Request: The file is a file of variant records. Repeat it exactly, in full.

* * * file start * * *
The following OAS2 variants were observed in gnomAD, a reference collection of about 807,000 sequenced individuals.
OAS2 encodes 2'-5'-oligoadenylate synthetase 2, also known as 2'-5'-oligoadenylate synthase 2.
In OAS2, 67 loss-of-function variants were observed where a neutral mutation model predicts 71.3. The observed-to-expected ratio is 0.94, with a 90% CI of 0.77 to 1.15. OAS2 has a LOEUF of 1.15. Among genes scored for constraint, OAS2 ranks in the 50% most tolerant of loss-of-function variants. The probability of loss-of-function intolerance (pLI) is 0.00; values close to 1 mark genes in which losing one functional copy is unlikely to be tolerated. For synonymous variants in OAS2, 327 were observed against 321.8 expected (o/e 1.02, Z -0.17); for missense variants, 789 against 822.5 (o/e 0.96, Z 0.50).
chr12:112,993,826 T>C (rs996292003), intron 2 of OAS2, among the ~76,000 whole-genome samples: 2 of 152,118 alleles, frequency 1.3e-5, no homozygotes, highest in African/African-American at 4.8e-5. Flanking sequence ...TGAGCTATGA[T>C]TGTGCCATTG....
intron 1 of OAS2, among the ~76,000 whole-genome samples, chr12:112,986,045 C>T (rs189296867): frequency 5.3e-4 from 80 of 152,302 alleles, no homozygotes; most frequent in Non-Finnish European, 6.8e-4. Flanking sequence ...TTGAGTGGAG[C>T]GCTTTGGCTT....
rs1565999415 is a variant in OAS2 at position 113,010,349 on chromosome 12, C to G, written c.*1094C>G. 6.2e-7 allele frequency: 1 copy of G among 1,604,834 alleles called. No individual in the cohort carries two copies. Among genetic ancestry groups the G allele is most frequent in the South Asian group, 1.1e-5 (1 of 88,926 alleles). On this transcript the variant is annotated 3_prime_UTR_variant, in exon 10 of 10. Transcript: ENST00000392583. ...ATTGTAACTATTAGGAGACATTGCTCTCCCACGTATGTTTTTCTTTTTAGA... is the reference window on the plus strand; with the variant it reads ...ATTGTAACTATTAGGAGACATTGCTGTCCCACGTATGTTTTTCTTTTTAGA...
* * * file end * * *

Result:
The following OAS2 variants were observed in gnomAD, a reference collection of about 807,000 sequenced individuals.
OAS2 encodes 2'-5'-oligoadenylate synthetase 2, also known as 2'-5'-oligoadenylate synthase 2.
In OAS2, 67 loss-of-function variants were observed where a neutral mutation model predicts 71.3. The observed-to-expected ratio is 0.94, with a 90% CI of 0.77 to 1.15. OAS2 has a LOEUF of 1.15. Among genes scored for constraint, OAS2 ranks in the 50% most tolerant of loss-of-function variants. The probability of loss-of-function intolerance (pLI) is 0.00; values close to 1 mark genes in which losing one functional copy is unlikely to be tolerated. For synonymous variants in OAS2, 327 were observed against 321.8 expected (o/e 1.02, Z -0.17); for missense variants, 789 against 822.5 (o/e 0.96, Z 0.50).
chr12:112,993,826 T>C (rs996292003), intron 2 of OAS2, among the ~76,000 whole-genome samples: 2 of 152,118 alleles, frequency 1.3e-5, no homozygotes, highest in African/African-American at 4.8e-5. Flanking sequence ...TGAGCTATGA[T>C]TGTGCCATTG....
intron 1 of OAS2, among the ~76,000 whole-genome samples, chr12:112,986,045 C>T (rs189296867): frequency 5.3e-4 from 80 of 152,302 alleles, no homozygotes; most frequent in Non-Finnish European, 6.8e-4. Flanking sequence ...TTGAGTGGAG[C>T]GCTTTGGCTT....
rs1565999415 is a variant in OAS2 at position 113,010,349 on chromosome 12, C to G, written c.*1094C>G. 6.2e-7 allele frequency: 1 copy of G among 1,604,834 alleles called. No individual in the cohort carries two copies. Among genetic ancestry groups the G allele is most frequent in the South Asian group, 1.1e-5 (1 of 88,926 alleles). On this transcript the variant is annotated 3_prime_UTR_variant, in exon 10 of 10. Transcript: ENST00000392583. ...ATTGTAACTATTAGGAGACATTGCTCTCCCACGTATGTTTTTCTTTTTAGA... is the reference window on the plus strand; with the variant it reads ...ATTGTAACTATTAGGAGACATTGCTGTCCCACGTATGTTTTTCTTTTTAGA...